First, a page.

Two weeks of continuous heavy rainfall has caused severe flooding in the Dominican Republic, damaging more than 4 000 houses and displacing more than 20 000 people. So far, five deaths, including two children, have been reported. Forecasters warn a new tropical cyclone has a high chance of developing over the next 5 days in the Caribbean Sea, increasing the threat of further flooding.
An Emergency Declaration was released on November 11 for the northern provinces of Puerto Plata, La Vega, Espaillat and María Trinidad Sánchez, the worst hit provinces.
As of November 15, 17 provinces are on alert, six of which on red alert, according to the European Commission's Directorate-General for European Civil Protection and Humanitarian Aid Operations (ECHO).
The Ministry of Education has suspended classes in these provinces.
20 135 displaced people are being hosted by their communities and 294 people are officially housed in three shelters.
4 089 houses are damaged, 50 have been totally destroyed and a total of 131 communities are isolated.
Officials predict that the destruction will cost millions of dollars. Some of the hardest hit provinces are also the country’s biggest rice producers.
The rains have also caused landslides that have damaged and destroyed homes and blocked access to many bridges and roads.
ECHO added that the country had 25 consecutive days of meteorological alerts since Hurricane "Matthew" passed near in October.
Dominican Republic – Floods – November 15, 2016. Map created by EC-JRC/ECHO. Copyright: EU
“No one should cross rivers by car, on foot, and much less swim across them," Juan Manuel Méndez, coordinator of the Dominican Emergency Operations Center, warned.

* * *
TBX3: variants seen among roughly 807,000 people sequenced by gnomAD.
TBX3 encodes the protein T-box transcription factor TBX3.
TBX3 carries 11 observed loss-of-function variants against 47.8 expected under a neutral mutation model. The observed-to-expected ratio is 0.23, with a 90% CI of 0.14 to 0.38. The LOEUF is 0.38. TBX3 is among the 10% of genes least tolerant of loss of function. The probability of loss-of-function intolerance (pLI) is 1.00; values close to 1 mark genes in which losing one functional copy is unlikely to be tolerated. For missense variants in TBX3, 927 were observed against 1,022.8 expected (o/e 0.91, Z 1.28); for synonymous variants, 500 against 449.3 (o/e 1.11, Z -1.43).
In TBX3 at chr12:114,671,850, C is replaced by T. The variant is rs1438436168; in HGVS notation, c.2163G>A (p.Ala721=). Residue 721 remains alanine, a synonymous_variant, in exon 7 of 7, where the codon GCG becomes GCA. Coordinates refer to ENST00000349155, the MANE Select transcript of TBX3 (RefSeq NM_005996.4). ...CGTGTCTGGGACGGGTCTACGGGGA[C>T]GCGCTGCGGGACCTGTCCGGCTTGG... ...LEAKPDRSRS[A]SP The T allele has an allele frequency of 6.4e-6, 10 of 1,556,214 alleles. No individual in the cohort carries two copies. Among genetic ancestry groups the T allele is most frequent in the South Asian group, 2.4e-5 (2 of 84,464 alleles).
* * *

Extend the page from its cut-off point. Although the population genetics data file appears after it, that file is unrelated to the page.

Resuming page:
People living along rivers or on hillsides have also been warned to be extra vigilant of flash floods and landslides
The director of Oficina Nacional de Meteorología (ONAMET) said for Diario Libre that Luperón, Puerto Plata, had recorded 639 mm (25.15 inches) of rain in 10 days to November 14 while Gaspar Hernández and Altamira, recorded 438 mm (17.24 inches) and 364 mm (14.33 inches) respectively, during the same period.
Between November 11 and 12, some areas in the country's north recorded more than 200 mm (7.87 inches), Gaspar Hernandez recorded 223.5 mm (8.79 inches).
The heavy downpours have been caused by two troughs over the Caribbean Sea that have hit the country consecutively over the last several weeks. This round of severe weather is still not over as more rains are expected over the weekend.
Meanwhile, a new tropical storm of the 2016 Atlantic hurricane season has a high chance to develop over the next 5 days. If it does, it will be named Otto.
Interests in the western and central Caribbean from Jamaica to eastern Cuba, Haiti, the Dominican Republic and Puerto Rico are advised to monitor the development of the system.
Environmental conditions are expected to be conducive for slow development during the next several days, and a tropical depression is likely to form over the weekend while the low moves slowly and erratically, NHC said.
Formation chance through 48 hours: Low (30%)
Formation chance through 5 days: High (80%)
Featured image: Flood, Dominican Republic – November 2016.
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